Navigating the product safety certification process for solid-state lighting products (MAGAZINE)

Product safety compliance is a legal requirement worldwide, and is a necessity when introducing new solid-state lighting products into different markets. In the USA, according to the requirements of the Occupational Safety & Health Administration (OSHA), electronic equipment is deemed to be safe for use in the workplace if it is listed by a Nationally Recognized Testing Laboratory (NRTL; see www.osha. gov/dts/otpca/nrtl/index.html). NRTLs are qualified, third-party organizations that meet the requirements mandated by OSHA under 29 CFR section 1910.7 to perform independent safety testing and product certification.

The process of conducting product certification can be broken down into several steps. First, a review of the product’s construction and design is performed, which includes careful evaluation of specific product information, including the bill of materials, applicable ratings of the individual components and materials, product design drawings, and spacing and dimensional requirements. From the review of all submitted information, it is then possible to determine the appropriate testing that will be required to sufficiently satisfy the requirements stated in the applicable standard(s).

Next comes the actual product testing phase, which is performed in accordance with the requirements of the applicable standard(s). Such tests may include temperature, electrical, dielectric, strain relief, environmental (wet location), and mechanical tests, among others. Step three includes the creation and issuance of the formal test report and “authorization to mark” (ATM), which grants the manufacturer permission to label the product with the applicable safety mark from an NRTL (an example would be the ETL Listed mark from Intertek). Finally, the manufacturer must agree to participate in the NRTL’s followup services program. This typically involves an initial audit of the manufacturing facility, as well as periodic manufacturing facility inspections to ensure consistent design, production, and labeling of the product. It is also necessary to maintain and update files to remain current with the latest revision of the applicable standards. Product safety standards.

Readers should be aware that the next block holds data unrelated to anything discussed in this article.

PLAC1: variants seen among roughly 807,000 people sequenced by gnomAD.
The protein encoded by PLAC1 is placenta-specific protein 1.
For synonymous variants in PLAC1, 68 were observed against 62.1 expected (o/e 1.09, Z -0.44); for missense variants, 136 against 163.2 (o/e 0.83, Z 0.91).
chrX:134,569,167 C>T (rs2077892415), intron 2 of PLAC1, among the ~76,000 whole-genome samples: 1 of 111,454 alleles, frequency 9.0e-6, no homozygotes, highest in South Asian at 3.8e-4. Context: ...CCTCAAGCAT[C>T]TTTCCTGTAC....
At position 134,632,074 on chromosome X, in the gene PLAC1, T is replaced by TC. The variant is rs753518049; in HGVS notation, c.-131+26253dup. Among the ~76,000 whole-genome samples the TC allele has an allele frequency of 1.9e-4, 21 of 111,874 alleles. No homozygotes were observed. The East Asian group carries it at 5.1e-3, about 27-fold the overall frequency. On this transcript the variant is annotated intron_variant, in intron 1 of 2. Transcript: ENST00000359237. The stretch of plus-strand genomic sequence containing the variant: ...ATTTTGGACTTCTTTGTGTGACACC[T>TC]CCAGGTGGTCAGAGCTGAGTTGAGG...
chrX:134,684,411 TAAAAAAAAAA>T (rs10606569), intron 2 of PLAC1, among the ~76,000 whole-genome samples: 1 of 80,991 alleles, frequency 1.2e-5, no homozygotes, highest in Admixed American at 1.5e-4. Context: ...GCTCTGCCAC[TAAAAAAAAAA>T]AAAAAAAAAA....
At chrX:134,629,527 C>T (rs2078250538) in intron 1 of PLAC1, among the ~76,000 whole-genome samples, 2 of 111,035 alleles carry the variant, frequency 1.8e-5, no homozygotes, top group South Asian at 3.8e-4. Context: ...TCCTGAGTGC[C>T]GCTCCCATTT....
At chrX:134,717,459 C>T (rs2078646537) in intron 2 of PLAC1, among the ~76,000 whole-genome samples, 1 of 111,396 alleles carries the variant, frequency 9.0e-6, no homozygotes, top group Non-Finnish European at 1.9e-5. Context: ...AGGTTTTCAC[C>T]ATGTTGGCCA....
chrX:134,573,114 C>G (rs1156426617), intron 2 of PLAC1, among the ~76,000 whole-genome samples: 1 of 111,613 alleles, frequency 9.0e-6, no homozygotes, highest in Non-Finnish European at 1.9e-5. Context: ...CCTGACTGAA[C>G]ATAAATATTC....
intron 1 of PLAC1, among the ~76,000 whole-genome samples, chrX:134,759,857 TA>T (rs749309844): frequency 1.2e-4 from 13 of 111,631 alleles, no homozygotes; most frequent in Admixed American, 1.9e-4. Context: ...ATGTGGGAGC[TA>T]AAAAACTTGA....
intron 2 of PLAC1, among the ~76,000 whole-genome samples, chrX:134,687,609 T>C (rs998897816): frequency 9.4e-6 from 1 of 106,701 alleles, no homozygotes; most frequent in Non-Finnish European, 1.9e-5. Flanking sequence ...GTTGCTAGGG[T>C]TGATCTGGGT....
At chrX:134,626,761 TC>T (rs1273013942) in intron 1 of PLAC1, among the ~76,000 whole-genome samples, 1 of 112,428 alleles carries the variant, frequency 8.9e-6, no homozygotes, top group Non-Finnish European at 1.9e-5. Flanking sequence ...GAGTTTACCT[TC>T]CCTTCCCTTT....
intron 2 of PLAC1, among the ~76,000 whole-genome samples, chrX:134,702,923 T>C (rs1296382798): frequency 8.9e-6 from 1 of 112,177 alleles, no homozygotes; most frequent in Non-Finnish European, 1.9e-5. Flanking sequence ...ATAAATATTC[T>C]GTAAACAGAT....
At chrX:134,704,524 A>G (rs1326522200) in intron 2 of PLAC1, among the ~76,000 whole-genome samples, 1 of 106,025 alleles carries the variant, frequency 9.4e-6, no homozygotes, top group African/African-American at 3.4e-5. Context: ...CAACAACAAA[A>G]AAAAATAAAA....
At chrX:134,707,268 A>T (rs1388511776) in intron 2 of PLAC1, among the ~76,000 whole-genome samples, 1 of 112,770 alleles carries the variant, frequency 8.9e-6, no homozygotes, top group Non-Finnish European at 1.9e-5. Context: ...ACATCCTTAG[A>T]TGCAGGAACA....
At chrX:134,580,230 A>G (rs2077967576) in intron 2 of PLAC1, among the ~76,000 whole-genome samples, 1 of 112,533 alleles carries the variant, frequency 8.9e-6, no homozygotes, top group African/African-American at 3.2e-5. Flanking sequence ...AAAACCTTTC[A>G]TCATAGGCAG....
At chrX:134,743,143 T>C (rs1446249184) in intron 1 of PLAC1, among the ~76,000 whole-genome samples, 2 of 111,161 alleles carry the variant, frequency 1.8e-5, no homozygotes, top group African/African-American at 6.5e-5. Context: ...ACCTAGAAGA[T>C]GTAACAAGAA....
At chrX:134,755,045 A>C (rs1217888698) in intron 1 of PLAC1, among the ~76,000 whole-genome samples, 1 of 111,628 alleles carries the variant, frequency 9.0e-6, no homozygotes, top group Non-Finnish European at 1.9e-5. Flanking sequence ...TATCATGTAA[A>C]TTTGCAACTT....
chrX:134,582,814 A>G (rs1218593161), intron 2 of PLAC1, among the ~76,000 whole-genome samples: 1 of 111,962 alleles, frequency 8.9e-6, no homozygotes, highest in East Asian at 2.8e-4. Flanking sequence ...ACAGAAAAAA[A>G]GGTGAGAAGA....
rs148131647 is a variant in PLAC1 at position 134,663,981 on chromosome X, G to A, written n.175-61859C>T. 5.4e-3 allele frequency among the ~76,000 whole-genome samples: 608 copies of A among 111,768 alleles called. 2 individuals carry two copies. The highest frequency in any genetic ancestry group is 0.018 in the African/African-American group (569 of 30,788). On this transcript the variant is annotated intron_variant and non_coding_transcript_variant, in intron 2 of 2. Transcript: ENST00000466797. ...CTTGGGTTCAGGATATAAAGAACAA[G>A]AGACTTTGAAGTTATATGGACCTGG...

This article was published in the Nov/Dec 2009 issue of LEDs Magazine. To read the full version of this article, please visit our magazine page, where you can download FREE electronic PDF versions of all issues of LEDs Magazine. You can also request a print copy of LEDs Magazine (available by paid subscription) and sign up for our free weekly email newsletter.

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